Community banking has in fact begun to rise in popularity. Following the recession and subsequent onslaught of large fines by the FCA and other regulatory bodies, consumer trust is starting to turn back to the local bank; entrusting your risk to a smaller subset of individuals offers the benefit of peace of mind but also (hopefully) means those individuals are more financially responsible when it’s their neighbors money on the line as well as their own.
For example, Guevara, a small Insurance company won countless innovation awards in 2014 for re-producing a model that already existed in the early days of insurance. By segmenting individuals into small pools of risk(people they can choose to be with, or just like-minded drivers), they hedge their risk on the other people’s safe driving. This accrues over time, creating a reduction in their yearly payment, rather than relying on yearly rates recommended by large conglomerates who have a (usually) global book of risk to hedge you against.
It would be nice to see a lot of research done before moving forward with this idea: start with conception and build up to corporate strategy. Underlying this ultimately, there has to be a need and an appetite, if you don't trust your neighbor, you won't want to bank with them; likewise if you have no money to put into a bank.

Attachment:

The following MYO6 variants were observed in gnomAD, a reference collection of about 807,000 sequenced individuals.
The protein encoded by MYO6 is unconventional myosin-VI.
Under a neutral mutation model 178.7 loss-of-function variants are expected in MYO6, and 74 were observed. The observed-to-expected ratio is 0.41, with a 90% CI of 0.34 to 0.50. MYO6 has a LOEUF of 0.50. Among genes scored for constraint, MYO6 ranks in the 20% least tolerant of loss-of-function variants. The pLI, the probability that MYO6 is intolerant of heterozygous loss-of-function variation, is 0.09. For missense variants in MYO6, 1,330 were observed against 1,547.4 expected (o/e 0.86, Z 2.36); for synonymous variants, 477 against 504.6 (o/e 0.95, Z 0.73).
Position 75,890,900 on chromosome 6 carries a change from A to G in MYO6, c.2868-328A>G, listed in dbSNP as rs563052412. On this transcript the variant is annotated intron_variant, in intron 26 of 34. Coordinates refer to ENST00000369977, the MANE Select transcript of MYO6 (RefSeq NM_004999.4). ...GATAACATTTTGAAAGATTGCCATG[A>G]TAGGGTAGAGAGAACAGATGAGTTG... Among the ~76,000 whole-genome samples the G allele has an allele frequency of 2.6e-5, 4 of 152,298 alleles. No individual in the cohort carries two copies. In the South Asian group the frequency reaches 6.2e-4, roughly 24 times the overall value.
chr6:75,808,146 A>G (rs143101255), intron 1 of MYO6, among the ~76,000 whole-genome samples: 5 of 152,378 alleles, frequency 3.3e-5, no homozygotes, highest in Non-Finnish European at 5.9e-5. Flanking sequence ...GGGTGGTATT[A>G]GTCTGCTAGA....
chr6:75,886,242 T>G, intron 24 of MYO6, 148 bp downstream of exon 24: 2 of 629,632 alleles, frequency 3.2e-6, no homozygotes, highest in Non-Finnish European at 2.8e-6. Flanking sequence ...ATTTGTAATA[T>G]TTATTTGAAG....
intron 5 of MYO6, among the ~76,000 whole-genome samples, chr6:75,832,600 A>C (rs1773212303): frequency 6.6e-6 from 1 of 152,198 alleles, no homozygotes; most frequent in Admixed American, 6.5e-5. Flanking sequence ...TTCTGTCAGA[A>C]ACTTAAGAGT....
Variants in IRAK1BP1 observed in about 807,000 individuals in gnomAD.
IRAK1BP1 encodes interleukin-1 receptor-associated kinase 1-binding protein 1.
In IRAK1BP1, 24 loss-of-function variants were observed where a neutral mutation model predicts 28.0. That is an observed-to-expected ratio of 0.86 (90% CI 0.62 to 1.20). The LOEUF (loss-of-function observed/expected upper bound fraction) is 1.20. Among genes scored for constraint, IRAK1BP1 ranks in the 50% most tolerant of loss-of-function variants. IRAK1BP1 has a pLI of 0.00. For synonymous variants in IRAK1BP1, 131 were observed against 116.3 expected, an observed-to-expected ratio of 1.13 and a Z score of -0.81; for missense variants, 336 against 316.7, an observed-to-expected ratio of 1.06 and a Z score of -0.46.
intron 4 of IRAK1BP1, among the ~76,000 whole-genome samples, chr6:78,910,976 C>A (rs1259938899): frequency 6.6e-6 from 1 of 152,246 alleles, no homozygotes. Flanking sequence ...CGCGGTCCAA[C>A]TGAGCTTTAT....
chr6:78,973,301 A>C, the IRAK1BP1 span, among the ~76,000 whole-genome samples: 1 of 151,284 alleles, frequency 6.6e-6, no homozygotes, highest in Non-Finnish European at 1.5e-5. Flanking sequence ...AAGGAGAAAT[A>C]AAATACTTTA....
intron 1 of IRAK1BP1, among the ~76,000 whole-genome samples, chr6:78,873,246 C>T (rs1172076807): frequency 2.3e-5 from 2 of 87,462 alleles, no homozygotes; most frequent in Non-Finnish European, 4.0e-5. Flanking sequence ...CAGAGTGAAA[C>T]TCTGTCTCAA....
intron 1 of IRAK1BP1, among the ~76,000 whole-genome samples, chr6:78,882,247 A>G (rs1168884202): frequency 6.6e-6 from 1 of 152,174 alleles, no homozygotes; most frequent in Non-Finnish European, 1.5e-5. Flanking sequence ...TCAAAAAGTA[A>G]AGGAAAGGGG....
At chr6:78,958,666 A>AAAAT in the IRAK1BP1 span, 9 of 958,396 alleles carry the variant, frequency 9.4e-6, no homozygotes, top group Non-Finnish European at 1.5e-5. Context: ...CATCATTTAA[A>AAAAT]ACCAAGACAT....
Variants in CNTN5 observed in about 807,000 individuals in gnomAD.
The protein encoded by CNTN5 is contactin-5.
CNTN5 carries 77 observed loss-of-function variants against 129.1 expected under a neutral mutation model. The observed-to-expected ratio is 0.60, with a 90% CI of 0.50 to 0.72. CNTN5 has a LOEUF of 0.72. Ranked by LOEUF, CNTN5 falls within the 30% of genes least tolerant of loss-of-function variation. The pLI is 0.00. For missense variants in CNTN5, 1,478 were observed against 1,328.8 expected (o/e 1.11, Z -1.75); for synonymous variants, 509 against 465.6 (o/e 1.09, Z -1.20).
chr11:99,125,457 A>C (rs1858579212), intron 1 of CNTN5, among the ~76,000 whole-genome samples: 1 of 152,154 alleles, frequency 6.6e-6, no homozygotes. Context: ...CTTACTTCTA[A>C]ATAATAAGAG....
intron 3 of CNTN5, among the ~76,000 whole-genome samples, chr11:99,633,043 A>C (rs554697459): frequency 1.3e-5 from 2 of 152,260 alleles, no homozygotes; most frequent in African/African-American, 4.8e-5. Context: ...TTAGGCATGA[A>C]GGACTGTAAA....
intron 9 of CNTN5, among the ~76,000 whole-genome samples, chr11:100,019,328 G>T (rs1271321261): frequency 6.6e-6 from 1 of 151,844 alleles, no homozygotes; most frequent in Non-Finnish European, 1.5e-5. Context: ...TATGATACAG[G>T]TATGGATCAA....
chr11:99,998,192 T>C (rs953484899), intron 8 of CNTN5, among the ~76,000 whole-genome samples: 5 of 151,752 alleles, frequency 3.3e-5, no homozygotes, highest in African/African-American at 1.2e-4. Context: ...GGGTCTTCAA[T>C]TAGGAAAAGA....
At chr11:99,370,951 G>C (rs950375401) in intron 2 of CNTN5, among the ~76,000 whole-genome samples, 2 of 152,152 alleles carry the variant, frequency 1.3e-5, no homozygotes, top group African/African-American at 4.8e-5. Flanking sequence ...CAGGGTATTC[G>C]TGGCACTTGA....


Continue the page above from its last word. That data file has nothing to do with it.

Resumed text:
Be interested to help if this gets off the ground.
Great idea! I'd also like to see this applied further afield to the likes of governmental institutions and larger corporations. Akin to a war-torn Europe with resources scarce on the ground, people didn't spend more money than they had because they couldn't, and their country couldn't afford it. Flash forward 70 years and a culture of "debt" has enveloped modern societies.
While somewhat an obscure reference, this idea embeds a different cultural norm whereby the individual is led to feel more responsible for the money he or she spends and can see where that money goes rather than knowing their account is somewhere in the plus or minus for the month. I agree with some of the other commenters, there would have to be a clear line of credit and debit (especially with online transacting as certain sights charge you for credit cards and others mandate it's credit card only). Likewise, the individual should have a clear understanding of what their costs of living would be relative to their expenditure. This would offer a dual benefit, by helping the individual create a secure credit score and monitor their spending habits.
Brilliant stuff, it would be interesting to see this primarily developed for a small control user community and then standardised for wider consumption.